Senator Pat Toomey defended his push for stricter gun legislation on Friday, but admitted, “I lost.” In remarks to grassroots activists who came together at the Pennsylvania Leadership Conference, Toomey said, “Really, I’m not trying to convince you that I’m right and you’re wrong, but I do want you to understand why I did what I did.”
Acknowledging that the background-check provisions he was championing would not have made a difference in the Newtown massacre, the Pennsylvania lawmaker argued that they were valuable nonetheless, and might have prevented other mass shootings we have witnessed in recent years, like the shooting on the Virginia Tech campus.
To National Review’s Bob Costa, Toomey expressed particular frustration with the National Rifle Association, which came out against his amendment, for flip-flopping on the issue of background checks.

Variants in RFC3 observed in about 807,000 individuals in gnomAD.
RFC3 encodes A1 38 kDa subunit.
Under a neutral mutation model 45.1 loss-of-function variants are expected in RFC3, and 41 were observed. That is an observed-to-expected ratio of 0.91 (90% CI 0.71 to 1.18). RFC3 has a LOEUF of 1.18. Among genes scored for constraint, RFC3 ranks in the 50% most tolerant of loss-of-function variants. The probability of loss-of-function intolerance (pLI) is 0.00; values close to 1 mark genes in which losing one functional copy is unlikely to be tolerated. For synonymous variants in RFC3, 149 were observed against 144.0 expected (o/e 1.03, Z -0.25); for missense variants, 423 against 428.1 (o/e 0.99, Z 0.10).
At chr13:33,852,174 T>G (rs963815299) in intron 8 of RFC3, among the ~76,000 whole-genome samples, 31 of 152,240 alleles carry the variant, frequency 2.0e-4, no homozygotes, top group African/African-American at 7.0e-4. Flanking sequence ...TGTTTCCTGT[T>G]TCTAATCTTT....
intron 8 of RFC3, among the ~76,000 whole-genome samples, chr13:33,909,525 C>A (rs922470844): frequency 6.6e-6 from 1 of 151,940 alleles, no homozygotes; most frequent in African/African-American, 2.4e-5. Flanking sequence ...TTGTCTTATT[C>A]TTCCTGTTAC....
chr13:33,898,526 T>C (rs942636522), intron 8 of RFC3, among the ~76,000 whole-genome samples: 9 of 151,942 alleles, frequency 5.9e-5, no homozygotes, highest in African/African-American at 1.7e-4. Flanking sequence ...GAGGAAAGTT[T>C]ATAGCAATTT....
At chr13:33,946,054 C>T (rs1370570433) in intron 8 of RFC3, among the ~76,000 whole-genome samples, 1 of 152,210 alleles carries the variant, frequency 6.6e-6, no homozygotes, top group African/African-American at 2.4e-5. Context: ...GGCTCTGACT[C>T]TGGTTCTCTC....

The NRA, suffice it to say, saw things differently. The organization’s president, David Keene, described the Toomey-Manchin amendment as a “30-day armistice” rather than a full-fledged peace treaty. And he told National Review that Toomey, who has served as a leading voice among Senate Republicans on fiscal issues, “didn’t know what he was getting into” when he decided to tackle gun legislation. ”Pennsylvania is a huge gun state, and I think he underestimated how passionate people feel about this issue,” he said.
Though many, including the president, have argued that the latest battle over gun control was waged between lawmakers and the NRA, Keene suggested politicians like Toomey were actually coming up against the will of the people.
The Toomey-Manchin amendment was defeated in the Senate by a 54–46 vote. Keene said he saw the victory coming; he was confident, he claims, as far back as February, when he arrived at a rally in Albany, N.Y., to find thousands of supporters waiting for him on a cold, rainy day. Together, they railed against Andrew Cuomo’s gun legislation — which, as it turned out, proved to be more drastic, far-reaching, and successful than any of the bills proposed on the federal level.